“Beef quality has been up each of the last three years, but we do have some concerns,” he said during the recently held Feeding Quality Forum. The company’s assistant vice president of business development and field sales leader outlined both the bright spots and challenges at the meetings in Omaha, Neb., and Garden City, Kan., in late August. The Feeding Quality Forums were co-sponsored by Pfizer Animal Health, Certified Angus Beef LLC, Feedlot Magazine and Purina Land O’Lakes.
“Beef demand is linked to the great taste of beef,” Dolezal said. “We like to think of it as a three-legged stool made of tenderness, juiciness and flavor. If any one of them is broken, the eating experience doesn’t work.”
Three out of every four carcasses in Cargill’s plants are destined for branded programs, and the increased quality of the past few years has helped them fill those orders.
“We think a lot of that is related to changes in genetics,” he said. “We’re seeing a high percentage of black-hided cattle entering our facilities.”
Dolezal discussed one Colorado State Univ. study that evaluated eating experiences at several different marbling levels. As the researchers selected carcasses with trace amounts of marbling or Standards, only 49 percent were “A-stamped,” denoting “Angus-type” at the plant, he said, compared to 92 percent of all moderately abundant (Prime) that received the same classification.
Cattle feeders are also using more ethanol co-products to economically extend days on feed. “We think all of this is positive to beef quality,” he said.
However, the increased intensity of implants along with the use of strong beta-agonist feed additives is concerning.
“At Cargill, we won’t buy cattle that knowingly have been fed zilpaterol [beta-2 agonist],” Dolezal said. “Our point of view is that if we get too aggressive [with regard to growth] throughout the animal’s lifetime it can have an impact on the consumer attributes of size, quality and tenderness. So we need to find a balance. The message there is that we ask you to be careful.”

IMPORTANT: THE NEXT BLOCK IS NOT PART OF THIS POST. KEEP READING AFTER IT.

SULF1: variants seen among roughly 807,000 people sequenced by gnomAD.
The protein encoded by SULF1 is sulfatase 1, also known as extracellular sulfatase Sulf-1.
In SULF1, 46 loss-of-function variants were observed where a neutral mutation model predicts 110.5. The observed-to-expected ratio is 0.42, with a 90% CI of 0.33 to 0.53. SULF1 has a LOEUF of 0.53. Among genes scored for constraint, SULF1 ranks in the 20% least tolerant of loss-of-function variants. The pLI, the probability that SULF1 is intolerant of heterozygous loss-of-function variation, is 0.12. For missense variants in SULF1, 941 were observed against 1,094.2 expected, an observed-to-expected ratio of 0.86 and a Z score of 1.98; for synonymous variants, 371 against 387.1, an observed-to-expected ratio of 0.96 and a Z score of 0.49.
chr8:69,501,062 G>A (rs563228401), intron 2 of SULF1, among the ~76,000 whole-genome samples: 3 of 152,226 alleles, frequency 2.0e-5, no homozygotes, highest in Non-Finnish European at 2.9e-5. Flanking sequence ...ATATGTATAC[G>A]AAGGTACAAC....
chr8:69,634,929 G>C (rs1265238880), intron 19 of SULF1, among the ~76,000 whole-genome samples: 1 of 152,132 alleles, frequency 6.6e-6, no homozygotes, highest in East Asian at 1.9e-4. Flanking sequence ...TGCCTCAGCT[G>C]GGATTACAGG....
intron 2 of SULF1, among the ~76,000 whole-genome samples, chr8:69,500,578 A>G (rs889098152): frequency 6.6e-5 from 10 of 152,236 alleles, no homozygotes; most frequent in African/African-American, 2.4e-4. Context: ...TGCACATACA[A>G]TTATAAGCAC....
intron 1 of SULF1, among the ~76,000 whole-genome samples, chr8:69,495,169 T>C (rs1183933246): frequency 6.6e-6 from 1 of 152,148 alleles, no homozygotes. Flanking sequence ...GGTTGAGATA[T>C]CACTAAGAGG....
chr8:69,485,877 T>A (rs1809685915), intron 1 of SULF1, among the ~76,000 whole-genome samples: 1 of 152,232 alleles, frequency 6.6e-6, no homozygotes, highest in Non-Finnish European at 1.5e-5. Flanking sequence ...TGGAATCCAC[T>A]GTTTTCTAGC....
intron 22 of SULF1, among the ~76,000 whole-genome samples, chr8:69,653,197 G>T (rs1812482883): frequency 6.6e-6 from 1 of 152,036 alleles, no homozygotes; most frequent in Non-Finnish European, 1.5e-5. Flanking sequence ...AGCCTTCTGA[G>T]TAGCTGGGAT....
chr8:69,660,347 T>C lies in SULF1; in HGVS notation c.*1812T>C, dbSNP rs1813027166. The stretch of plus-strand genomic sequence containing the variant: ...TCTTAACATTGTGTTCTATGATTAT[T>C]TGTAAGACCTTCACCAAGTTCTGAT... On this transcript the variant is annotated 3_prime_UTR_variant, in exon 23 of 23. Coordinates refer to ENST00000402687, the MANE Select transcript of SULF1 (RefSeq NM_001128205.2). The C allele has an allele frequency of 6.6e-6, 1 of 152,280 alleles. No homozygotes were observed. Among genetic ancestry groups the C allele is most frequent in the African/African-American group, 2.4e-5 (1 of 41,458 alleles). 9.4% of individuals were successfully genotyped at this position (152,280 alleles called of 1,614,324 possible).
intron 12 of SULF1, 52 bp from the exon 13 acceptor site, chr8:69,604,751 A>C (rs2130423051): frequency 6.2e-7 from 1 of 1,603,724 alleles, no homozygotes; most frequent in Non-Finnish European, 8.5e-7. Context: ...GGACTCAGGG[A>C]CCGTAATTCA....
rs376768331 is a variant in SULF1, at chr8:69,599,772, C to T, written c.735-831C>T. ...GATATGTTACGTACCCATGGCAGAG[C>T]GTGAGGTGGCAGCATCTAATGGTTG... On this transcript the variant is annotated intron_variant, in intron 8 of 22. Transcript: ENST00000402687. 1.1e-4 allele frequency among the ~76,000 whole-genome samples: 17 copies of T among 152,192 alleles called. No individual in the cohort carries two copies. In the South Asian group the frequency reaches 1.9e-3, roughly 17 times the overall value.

As cattlemen make genetic and management decisions, he suggested they have good data to compare year-to-year.
“If you were trying to make genetic change or changing an implant program or feeding ration and you drew a grader that required more marbling to call it Choice, you’d think your cattle aren’t very good,” he said. “But on a different day you could draw a grade that required less, and you’d think you had really good cattle.”
The USDA and packers have worked together for many years calibrating and testing camera systems before implementing them to call marbling scores. About 10 plants in the US currently use the technology to determine quality grade.
“The cameras have been a big win, a big success story,” Dolezal said. “Our customers have been very pleased with the consistency they’re getting box to box, based on marbling levels and other traits.”
Data for grid payments and pre-harvest decisions are more accurate, consistent and repeatable, he added.